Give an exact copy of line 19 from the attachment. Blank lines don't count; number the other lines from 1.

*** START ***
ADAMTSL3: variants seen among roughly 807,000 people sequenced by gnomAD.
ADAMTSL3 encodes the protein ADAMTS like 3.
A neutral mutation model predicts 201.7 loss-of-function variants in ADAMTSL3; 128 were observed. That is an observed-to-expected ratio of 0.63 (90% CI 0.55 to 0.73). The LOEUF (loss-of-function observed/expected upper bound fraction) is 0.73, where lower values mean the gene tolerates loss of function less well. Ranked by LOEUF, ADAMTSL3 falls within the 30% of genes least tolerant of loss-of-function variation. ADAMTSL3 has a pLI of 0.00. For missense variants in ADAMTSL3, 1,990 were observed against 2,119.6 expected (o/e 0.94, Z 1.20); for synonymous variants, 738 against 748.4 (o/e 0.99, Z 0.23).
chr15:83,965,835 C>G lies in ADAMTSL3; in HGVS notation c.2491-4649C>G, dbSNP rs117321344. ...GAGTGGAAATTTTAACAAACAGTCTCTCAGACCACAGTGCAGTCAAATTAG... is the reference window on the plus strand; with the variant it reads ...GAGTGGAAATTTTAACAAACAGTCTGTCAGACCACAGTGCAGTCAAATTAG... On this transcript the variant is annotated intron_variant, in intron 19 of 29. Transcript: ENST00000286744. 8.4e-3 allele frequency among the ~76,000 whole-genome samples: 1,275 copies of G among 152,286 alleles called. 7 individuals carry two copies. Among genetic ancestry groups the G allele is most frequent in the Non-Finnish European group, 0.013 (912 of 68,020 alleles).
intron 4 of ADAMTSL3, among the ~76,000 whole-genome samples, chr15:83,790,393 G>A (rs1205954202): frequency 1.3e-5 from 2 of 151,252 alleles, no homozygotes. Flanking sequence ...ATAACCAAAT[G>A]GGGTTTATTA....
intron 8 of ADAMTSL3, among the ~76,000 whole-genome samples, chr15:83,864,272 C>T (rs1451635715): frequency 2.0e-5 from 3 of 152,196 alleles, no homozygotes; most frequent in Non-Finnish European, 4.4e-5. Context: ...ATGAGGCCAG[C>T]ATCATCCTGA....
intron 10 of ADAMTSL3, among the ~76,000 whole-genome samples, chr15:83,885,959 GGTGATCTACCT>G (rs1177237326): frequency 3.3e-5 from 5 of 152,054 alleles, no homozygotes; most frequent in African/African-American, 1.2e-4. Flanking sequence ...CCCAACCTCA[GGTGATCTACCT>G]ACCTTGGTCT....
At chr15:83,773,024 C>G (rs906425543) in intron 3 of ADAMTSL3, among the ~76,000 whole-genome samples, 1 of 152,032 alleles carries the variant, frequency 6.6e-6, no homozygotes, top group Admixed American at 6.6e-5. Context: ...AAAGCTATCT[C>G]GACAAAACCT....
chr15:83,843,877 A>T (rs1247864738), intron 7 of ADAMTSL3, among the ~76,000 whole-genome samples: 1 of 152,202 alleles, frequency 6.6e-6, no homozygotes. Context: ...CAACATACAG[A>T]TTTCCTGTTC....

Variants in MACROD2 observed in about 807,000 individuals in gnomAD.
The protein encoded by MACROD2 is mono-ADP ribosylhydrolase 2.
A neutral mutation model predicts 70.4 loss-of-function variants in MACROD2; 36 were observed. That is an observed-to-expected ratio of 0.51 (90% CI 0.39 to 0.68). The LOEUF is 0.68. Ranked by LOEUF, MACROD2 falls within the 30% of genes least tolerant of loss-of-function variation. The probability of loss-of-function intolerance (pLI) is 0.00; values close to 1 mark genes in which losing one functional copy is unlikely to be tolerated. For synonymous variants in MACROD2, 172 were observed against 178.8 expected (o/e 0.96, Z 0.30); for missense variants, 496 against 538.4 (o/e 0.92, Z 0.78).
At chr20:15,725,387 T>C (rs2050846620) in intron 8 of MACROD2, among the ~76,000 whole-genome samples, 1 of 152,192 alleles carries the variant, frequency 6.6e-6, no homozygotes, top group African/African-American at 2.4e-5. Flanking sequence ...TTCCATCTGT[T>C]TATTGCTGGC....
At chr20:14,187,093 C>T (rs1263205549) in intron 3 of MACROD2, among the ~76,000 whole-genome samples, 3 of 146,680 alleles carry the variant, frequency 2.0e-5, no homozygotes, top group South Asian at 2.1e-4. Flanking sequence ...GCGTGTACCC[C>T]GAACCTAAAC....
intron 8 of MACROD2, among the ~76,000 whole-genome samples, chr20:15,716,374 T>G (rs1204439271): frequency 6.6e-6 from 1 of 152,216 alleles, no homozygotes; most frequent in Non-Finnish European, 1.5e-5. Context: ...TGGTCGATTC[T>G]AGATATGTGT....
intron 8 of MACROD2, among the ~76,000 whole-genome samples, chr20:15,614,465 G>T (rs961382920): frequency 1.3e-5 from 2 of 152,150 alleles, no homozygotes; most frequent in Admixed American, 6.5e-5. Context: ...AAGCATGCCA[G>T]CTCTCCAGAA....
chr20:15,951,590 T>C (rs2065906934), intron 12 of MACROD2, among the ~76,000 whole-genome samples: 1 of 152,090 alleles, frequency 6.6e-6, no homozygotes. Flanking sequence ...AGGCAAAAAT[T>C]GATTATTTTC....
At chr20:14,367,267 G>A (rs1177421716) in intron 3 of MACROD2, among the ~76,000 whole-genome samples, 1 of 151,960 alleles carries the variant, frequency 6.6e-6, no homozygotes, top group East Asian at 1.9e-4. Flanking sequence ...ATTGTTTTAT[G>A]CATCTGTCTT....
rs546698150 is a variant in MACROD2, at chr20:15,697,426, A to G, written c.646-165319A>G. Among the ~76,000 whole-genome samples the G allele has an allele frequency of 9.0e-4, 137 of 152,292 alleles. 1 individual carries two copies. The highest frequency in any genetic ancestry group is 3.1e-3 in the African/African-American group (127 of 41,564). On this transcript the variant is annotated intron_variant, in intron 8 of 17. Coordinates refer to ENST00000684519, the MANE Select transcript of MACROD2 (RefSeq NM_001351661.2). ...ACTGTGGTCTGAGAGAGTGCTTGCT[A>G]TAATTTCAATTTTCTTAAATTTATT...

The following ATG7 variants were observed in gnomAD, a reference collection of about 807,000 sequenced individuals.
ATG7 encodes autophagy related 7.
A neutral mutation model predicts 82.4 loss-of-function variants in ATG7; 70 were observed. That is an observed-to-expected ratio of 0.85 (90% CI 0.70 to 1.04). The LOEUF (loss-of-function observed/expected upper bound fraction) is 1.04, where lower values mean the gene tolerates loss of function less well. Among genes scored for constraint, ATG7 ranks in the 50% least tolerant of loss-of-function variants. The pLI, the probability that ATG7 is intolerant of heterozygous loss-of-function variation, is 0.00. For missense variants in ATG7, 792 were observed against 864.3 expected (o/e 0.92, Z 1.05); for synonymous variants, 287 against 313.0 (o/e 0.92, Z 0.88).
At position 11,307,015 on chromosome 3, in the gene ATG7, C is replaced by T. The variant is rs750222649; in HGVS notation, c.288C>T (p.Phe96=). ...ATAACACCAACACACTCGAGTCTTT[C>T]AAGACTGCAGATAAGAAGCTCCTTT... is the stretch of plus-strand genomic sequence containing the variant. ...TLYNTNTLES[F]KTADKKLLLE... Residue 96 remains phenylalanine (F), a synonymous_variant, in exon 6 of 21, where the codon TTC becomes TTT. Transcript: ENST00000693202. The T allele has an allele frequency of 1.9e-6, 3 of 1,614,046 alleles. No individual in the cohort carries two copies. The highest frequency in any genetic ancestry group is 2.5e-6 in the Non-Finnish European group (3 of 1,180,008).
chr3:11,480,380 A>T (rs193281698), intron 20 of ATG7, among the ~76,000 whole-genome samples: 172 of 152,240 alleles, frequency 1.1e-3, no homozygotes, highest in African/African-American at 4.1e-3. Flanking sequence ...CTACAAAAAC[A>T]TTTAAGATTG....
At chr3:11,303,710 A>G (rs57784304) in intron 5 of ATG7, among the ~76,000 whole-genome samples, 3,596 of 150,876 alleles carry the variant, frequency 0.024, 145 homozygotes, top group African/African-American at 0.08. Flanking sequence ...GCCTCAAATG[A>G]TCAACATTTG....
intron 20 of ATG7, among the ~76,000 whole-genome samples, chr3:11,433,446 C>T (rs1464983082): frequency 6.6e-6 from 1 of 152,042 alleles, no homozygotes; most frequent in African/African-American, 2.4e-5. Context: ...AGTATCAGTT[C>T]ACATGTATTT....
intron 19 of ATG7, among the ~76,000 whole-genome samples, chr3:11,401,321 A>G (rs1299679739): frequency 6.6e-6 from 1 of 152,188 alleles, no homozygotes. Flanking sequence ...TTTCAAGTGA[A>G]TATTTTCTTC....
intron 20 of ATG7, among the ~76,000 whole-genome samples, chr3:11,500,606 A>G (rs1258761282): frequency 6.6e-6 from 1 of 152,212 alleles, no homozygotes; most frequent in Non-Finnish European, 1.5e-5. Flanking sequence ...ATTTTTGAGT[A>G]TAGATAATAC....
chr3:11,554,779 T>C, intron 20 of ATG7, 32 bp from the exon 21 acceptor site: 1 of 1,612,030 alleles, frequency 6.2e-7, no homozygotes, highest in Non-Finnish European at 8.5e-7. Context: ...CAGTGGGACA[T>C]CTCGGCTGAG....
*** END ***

rs546698150 is a variant in MACROD2, at chr20:15,697,426, A to G, written c.646-165319A>G. Among the ~76,000 whole-genome samples the G allele has an allele frequency of 9.0e-4, 137 of 152,292 alleles. 1 individual carries two copies. The highest frequency in any genetic ancestry group is 3.1e-3 in the African/African-American group (127 of 41,564). On this transcript the variant is annotated intron_variant, in intron 8 of 17. Coordinates refer to ENST00000684519, the MANE Select transcript of MACROD2 (RefSeq NM_001351661.2). ...ACTGTGGTCTGAGAGAGTGCTTGCT[A>G]TAATTTCAATTTTCTTAAATTTATT...